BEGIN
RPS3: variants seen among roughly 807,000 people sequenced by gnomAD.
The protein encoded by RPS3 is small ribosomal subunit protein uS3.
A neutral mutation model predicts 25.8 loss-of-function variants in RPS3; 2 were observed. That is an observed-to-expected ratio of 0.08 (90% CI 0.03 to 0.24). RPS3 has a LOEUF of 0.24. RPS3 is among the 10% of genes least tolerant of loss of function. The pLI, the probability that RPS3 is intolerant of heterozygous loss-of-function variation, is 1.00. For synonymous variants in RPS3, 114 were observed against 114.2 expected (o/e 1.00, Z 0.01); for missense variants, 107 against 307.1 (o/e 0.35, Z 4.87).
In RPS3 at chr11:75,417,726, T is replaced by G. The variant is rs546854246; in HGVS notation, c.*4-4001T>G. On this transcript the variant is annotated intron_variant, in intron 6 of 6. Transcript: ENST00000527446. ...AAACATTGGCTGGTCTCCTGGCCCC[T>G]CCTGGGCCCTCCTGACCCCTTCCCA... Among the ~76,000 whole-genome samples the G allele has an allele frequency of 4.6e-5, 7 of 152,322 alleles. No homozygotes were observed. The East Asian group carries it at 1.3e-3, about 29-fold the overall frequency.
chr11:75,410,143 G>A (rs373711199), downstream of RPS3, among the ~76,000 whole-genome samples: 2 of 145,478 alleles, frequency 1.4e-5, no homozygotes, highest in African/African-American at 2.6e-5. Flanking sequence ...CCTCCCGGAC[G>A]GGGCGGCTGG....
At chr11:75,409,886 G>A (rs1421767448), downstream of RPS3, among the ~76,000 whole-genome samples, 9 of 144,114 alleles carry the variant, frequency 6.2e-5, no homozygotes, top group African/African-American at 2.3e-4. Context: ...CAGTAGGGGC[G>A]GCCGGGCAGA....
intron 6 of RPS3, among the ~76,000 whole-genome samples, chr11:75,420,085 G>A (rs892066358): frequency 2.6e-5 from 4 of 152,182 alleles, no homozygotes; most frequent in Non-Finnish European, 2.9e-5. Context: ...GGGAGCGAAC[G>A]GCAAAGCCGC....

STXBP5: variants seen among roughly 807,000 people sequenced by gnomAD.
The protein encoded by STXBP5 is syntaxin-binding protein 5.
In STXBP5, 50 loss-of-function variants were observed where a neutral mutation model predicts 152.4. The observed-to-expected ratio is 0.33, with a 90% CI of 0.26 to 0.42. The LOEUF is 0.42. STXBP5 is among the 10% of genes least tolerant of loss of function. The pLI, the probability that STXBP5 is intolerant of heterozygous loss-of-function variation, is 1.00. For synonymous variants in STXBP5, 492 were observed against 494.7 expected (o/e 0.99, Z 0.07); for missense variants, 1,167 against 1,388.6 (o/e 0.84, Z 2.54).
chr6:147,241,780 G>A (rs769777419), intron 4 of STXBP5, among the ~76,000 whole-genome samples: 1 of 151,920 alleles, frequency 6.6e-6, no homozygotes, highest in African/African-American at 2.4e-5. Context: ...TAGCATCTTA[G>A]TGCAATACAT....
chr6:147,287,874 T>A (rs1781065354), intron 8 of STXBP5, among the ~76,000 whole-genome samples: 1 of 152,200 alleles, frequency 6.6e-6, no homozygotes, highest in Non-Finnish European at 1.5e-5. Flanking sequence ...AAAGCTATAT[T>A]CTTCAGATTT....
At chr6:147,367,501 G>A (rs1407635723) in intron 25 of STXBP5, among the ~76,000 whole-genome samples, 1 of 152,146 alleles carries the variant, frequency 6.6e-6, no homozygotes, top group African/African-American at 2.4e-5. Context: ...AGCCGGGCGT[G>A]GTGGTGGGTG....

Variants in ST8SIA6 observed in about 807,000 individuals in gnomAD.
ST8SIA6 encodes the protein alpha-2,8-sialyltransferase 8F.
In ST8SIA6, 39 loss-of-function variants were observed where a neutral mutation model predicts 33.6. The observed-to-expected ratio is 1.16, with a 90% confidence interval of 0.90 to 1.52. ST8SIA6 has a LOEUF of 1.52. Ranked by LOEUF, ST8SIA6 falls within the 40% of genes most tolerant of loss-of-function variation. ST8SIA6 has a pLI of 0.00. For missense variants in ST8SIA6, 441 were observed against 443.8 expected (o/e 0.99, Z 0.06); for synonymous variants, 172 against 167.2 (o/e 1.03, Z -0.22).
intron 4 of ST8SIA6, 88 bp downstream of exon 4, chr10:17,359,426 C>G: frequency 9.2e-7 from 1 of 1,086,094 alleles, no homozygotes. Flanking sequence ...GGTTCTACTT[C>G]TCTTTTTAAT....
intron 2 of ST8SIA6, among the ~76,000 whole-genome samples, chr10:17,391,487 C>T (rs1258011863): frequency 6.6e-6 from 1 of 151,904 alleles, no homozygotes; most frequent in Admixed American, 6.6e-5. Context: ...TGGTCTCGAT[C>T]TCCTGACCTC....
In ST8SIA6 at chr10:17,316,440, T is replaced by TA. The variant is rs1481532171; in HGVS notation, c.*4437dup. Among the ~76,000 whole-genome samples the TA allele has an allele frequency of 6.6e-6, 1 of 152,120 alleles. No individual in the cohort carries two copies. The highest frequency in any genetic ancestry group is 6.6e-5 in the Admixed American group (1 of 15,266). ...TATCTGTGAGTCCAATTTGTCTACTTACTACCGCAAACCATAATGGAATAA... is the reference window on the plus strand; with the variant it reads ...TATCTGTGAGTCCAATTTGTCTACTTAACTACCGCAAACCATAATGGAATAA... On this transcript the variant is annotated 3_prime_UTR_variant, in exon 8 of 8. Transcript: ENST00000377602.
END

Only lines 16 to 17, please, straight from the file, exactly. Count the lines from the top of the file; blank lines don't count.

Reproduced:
In ST8SIA6, 39 loss-of-function variants were observed where a neutral mutation model predicts 33.6. The observed-to-expected ratio is 1.16, with a 90% confidence interval of 0.90 to 1.52. ST8SIA6 has a LOEUF of 1.52. Ranked by LOEUF, ST8SIA6 falls within the 40% of genes most tolerant of loss-of-function variation. ST8SIA6 has a pLI of 0.00. For missense variants in ST8SIA6, 441 were observed against 443.8 expected (o/e 0.99, Z 0.06); for synonymous variants, 172 against 167.2 (o/e 1.03, Z -0.22).
intron 4 of ST8SIA6, 88 bp downstream of exon 4, chr10:17,359,426 C>G: frequency 9.2e-7 from 1 of 1,086,094 alleles, no homozygotes. Flanking sequence ...GGTTCTACTT[C>G]TCTTTTTAAT....